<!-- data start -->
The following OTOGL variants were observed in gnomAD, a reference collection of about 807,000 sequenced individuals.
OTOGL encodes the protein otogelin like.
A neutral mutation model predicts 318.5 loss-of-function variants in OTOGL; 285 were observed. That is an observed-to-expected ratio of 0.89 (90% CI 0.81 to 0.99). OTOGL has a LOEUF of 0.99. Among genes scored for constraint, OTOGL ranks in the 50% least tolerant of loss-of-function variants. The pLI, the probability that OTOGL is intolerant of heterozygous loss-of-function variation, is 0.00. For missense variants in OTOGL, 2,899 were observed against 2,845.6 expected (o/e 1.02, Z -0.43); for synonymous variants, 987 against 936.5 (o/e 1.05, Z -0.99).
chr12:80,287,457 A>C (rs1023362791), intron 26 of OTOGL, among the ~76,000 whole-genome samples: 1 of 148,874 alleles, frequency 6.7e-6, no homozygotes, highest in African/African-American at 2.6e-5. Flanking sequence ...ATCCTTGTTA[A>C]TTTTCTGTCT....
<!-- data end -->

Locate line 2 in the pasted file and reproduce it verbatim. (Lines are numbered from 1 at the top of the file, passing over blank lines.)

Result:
OTOGL encodes the protein otogelin like.